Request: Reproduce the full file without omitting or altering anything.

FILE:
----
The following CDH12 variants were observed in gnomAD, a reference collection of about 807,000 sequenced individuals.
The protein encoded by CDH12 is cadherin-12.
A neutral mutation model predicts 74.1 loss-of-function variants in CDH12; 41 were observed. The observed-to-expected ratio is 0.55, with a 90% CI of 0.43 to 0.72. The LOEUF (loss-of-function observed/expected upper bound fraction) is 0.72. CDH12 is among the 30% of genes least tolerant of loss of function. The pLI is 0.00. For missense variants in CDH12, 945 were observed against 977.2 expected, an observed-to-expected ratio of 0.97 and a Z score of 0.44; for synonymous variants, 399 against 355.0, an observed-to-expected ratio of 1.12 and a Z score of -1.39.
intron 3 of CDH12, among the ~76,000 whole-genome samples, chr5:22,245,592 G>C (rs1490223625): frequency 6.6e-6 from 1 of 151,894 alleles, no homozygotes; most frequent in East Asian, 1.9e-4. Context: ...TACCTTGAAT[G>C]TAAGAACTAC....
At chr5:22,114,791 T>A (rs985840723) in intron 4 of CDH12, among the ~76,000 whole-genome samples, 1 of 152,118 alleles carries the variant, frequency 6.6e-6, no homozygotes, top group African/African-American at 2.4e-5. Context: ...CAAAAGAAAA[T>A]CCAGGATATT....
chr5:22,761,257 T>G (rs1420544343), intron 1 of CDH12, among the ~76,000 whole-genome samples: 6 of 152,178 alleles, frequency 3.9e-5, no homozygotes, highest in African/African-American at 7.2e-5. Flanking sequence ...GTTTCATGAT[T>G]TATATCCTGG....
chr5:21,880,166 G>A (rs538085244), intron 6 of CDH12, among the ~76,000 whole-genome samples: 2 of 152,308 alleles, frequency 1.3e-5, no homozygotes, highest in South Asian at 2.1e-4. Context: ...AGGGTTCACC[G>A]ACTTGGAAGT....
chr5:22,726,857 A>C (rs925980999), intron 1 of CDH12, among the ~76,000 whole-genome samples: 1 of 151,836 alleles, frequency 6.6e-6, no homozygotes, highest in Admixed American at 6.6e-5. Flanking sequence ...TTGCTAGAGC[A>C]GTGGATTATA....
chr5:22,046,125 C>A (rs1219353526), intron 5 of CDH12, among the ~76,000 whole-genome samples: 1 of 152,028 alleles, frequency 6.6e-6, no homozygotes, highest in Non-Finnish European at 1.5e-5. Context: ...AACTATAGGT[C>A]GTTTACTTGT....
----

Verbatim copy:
The following CDH12 variants were observed in gnomAD, a reference collection of about 807,000 sequenced individuals.
The protein encoded by CDH12 is cadherin-12.
A neutral mutation model predicts 74.1 loss-of-function variants in CDH12; 41 were observed. The observed-to-expected ratio is 0.55, with a 90% CI of 0.43 to 0.72. The LOEUF (loss-of-function observed/expected upper bound fraction) is 0.72. CDH12 is among the 30% of genes least tolerant of loss of function. The pLI is 0.00. For missense variants in CDH12, 945 were observed against 977.2 expected, an observed-to-expected ratio of 0.97 and a Z score of 0.44; for synonymous variants, 399 against 355.0, an observed-to-expected ratio of 1.12 and a Z score of -1.39.
intron 3 of CDH12, among the ~76,000 whole-genome samples, chr5:22,245,592 G>C (rs1490223625): frequency 6.6e-6 from 1 of 151,894 alleles, no homozygotes; most frequent in East Asian, 1.9e-4. Context: ...TACCTTGAAT[G>C]TAAGAACTAC....
At chr5:22,114,791 T>A (rs985840723) in intron 4 of CDH12, among the ~76,000 whole-genome samples, 1 of 152,118 alleles carries the variant, frequency 6.6e-6, no homozygotes, top group African/African-American at 2.4e-5. Context: ...CAAAAGAAAA[T>A]CCAGGATATT....
chr5:22,761,257 T>G (rs1420544343), intron 1 of CDH12, among the ~76,000 whole-genome samples: 6 of 152,178 alleles, frequency 3.9e-5, no homozygotes, highest in African/African-American at 7.2e-5. Flanking sequence ...GTTTCATGAT[T>G]TATATCCTGG....
chr5:21,880,166 G>A (rs538085244), intron 6 of CDH12, among the ~76,000 whole-genome samples: 2 of 152,308 alleles, frequency 1.3e-5, no homozygotes, highest in South Asian at 2.1e-4. Context: ...AGGGTTCACC[G>A]ACTTGGAAGT....
chr5:22,726,857 A>C (rs925980999), intron 1 of CDH12, among the ~76,000 whole-genome samples: 1 of 151,836 alleles, frequency 6.6e-6, no homozygotes, highest in Admixed American at 6.6e-5. Flanking sequence ...TTGCTAGAGC[A>C]GTGGATTATA....
chr5:22,046,125 C>A (rs1219353526), intron 5 of CDH12, among the ~76,000 whole-genome samples: 1 of 152,028 alleles, frequency 6.6e-6, no homozygotes, highest in Non-Finnish European at 1.5e-5. Context: ...AACTATAGGT[C>A]GTTTACTTGT....